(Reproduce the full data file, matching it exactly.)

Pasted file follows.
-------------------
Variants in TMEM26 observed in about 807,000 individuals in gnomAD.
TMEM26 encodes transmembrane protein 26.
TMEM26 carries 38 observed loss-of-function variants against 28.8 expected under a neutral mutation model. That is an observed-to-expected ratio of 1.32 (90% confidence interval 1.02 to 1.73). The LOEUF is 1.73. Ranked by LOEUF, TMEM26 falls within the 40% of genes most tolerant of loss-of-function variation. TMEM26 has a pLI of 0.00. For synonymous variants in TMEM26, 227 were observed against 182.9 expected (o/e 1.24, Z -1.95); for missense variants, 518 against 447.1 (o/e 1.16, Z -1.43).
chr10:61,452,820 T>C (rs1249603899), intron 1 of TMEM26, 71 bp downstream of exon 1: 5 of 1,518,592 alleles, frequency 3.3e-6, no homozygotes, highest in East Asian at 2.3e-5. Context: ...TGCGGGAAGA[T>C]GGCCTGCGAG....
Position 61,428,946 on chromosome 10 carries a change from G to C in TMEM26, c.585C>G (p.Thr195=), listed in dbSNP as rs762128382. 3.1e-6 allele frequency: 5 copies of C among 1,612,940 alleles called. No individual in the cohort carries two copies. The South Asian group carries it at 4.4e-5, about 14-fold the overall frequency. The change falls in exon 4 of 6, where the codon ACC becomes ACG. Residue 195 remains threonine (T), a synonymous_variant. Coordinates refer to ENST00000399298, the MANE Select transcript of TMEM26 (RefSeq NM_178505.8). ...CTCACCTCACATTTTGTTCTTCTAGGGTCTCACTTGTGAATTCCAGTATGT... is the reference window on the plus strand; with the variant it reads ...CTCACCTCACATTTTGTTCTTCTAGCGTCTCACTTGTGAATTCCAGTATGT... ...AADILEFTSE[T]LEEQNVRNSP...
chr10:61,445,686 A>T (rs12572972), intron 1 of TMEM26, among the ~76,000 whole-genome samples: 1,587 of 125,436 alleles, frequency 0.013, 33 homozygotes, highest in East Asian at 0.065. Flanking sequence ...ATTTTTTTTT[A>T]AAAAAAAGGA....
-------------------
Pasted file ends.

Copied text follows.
Variants in TMEM26 observed in about 807,000 individuals in gnomAD.
TMEM26 encodes transmembrane protein 26.
TMEM26 carries 38 observed loss-of-function variants against 28.8 expected under a neutral mutation model. That is an observed-to-expected ratio of 1.32 (90% confidence interval 1.02 to 1.73). The LOEUF is 1.73. Ranked by LOEUF, TMEM26 falls within the 40% of genes most tolerant of loss-of-function variation. TMEM26 has a pLI of 0.00. For synonymous variants in TMEM26, 227 were observed against 182.9 expected (o/e 1.24, Z -1.95); for missense variants, 518 against 447.1 (o/e 1.16, Z -1.43).
chr10:61,452,820 T>C (rs1249603899), intron 1 of TMEM26, 71 bp downstream of exon 1: 5 of 1,518,592 alleles, frequency 3.3e-6, no homozygotes, highest in East Asian at 2.3e-5. Context: ...TGCGGGAAGA[T>C]GGCCTGCGAG....
Position 61,428,946 on chromosome 10 carries a change from G to C in TMEM26, c.585C>G (p.Thr195=), listed in dbSNP as rs762128382. 3.1e-6 allele frequency: 5 copies of C among 1,612,940 alleles called. No individual in the cohort carries two copies. The South Asian group carries it at 4.4e-5, about 14-fold the overall frequency. The change falls in exon 4 of 6, where the codon ACC becomes ACG. Residue 195 remains threonine (T), a synonymous_variant. Coordinates refer to ENST00000399298, the MANE Select transcript of TMEM26 (RefSeq NM_178505.8). ...CTCACCTCACATTTTGTTCTTCTAGGGTCTCACTTGTGAATTCCAGTATGT... is the reference window on the plus strand; with the variant it reads ...CTCACCTCACATTTTGTTCTTCTAGCGTCTCACTTGTGAATTCCAGTATGT... ...AADILEFTSE[T]LEEQNVRNSP...
chr10:61,445,686 A>T (rs12572972), intron 1 of TMEM26, among the ~76,000 whole-genome samples: 1,587 of 125,436 alleles, frequency 0.013, 33 homozygotes, highest in East Asian at 0.065. Flanking sequence ...ATTTTTTTTT[A>T]AAAAAAAGGA....